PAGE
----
Who is the Viewpoint Character in your story?

Nick Carraway as the viewpoint character in The Great Gatsby
Nick Carraway as the viewpoint character in The Great Gatsby

Stories are inhabited by many characters, each exploring the theme from a different perspective; only one, however, is the viewpoint character.

All characters exhibit a point of view, of course. And, indeed, one of the functions of a character archetype is to offer a glimpse of the moral premise as seen from a specific perspective. Typically, the hero, or protagonist, being the character through whom we most often experience the story, is one whose moral vision carries significant weight—certainly by the end of the story where maturation has occurred.

Sometimes, however, the hero is not the viewpoint character. The Great Gatsby’s Nick Carraway is a case in point. The plot does indeed revolve around Gatsby, but it is Nick Carraway who not only relates events from his point of view, but also transmits the moral perspective of the entire story.

It is important to identify the viewpoint character prior to commencing the writing of the story. Start by asking the following questions:

1. Which character is closest to my (the writer’s) point of view? Whose clear, moral perspective pronounces the theme of the story? In The Great Gatsby, Nick is this character—although the pronouncement is about Gatsby himself.

“A viewpoint character transmits the moral perspective of the story.“

2. Who has the biggest stake in the story and has the most to lose? Who cares most passionately about solving the story-problem? Your answers will point towards your point of view character(s). 

In The Land Below, Paulie, the protagonist, is the character with the biggest responsibility and with the most to lose, but the Troubadour offers the deepest moral perspective in the story—despite the secret he has kept from Paulie all these years.

2. Which characters are the most interesting or the most intriguing? These are the characters the reader or audience wants to know most about.

3. Which of the characters are most involved in driving the story forward? Passive characters are the least interesting and tend to slow the story down.

4. Which characters are the most complicated? Complex characters hold our attention through their unpredictability, complexity and depth. In The Nostalgia of Time Travel, Benjamin Vlahos is such a character—we are uncertain whether he will choose to live or die by the end of the story. 


Create a viewpoint character by granting that character the moral perspective of the story.

One thought on “Who is the Viewpoint Character in your story?

  1. Gerhard Pistorius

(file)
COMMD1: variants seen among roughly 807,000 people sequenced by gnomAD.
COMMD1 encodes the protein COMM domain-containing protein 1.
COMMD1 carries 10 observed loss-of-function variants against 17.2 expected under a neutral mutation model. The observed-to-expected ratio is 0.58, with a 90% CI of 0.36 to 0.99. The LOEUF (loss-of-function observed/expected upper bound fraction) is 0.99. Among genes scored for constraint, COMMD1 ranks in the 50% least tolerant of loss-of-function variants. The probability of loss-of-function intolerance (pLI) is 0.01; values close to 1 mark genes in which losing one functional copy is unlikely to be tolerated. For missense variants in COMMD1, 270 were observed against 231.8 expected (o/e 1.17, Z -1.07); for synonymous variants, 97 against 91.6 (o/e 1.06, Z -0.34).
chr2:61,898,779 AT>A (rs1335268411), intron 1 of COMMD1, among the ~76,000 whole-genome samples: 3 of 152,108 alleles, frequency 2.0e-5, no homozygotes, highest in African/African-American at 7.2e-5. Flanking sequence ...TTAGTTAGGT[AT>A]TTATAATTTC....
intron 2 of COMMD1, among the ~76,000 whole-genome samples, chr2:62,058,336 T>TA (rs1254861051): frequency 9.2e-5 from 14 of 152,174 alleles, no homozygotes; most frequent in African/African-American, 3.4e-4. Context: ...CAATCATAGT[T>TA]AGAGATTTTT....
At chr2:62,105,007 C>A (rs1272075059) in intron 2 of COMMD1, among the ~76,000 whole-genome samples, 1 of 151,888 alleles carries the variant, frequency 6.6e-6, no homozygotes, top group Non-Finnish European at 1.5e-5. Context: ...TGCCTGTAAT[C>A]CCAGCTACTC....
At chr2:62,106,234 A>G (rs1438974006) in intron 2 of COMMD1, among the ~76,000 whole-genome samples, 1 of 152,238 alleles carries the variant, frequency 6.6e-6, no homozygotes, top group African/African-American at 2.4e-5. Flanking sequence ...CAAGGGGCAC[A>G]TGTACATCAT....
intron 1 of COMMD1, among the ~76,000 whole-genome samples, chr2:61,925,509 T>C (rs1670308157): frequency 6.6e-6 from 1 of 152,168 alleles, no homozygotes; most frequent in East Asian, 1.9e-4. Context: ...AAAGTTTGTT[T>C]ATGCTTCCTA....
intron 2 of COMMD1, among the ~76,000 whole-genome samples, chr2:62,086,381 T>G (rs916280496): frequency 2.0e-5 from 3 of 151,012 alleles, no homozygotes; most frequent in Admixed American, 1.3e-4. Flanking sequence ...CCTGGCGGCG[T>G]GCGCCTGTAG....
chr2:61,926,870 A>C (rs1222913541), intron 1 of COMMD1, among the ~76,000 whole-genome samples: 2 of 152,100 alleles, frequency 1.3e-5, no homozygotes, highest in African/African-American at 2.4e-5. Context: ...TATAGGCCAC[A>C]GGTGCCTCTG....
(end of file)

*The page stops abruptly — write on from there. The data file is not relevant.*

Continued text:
View points are very important. Perhaps one of the best examples of view point characters are Henry Hill and his future wife Karen. The first line in Good fellas occurs during a especially graphic murder – “As far back as I can remember I always wanted to be a gangster. To me being a gangster was better then being president of the United States ” Immediately the audiences is sucked into a world where we see the human aspect of hardcore criminals. Through Henry’s eyes we see that how growing up in a working class neighborhood and being born into poverty makes the gangster life style attractive and romantic. ” To us to live any other way was nuts. To us those little people that lived honest livings , earn shitty pay and took the train to work every morning were dead. If we wanted something we took it.” In the beginning Henry had nothing to loss accept a sub standard high school education where as if he joined the mob he had everything to gain – Independence , life experience and protection from the mob much to the dismay of his parents. “My parents couldn’t understand that I was being treated like a grown up. They taught me how to score. A dollar here a dollar there , I was living in a fantasy world. ”

    By the midpoint Henry meets Karen . It is here where the first person narrative switches to Karen . It emphasis how this young woman gets sucked into Henry’s world just like the audience got sucked into Henry’s world at the beginning of the film. By the time Karen is married to Henry her moral campus is corrupted to the point where she has accepted crime as a why of life. ” It never seemed like crime. Our husbands were not brain surgeons. The only way they could ever get ahead in life was if they took a few short cuts. It even got to the point where I was proud that I had the kind of husband who was willing to risk his neck just so that we could have the little extras. In the beginning Karen had nothing to lose. However as soon as Karen is married to Henry with his two children Karen risk loosing her livelihood . Being married to Henry means that Karen is married to the mob.

    In short: The viewpoint needs to suck in the audiences as well as the charterers as every new situation forces them to take account of how each decision effects there losses and there gains.


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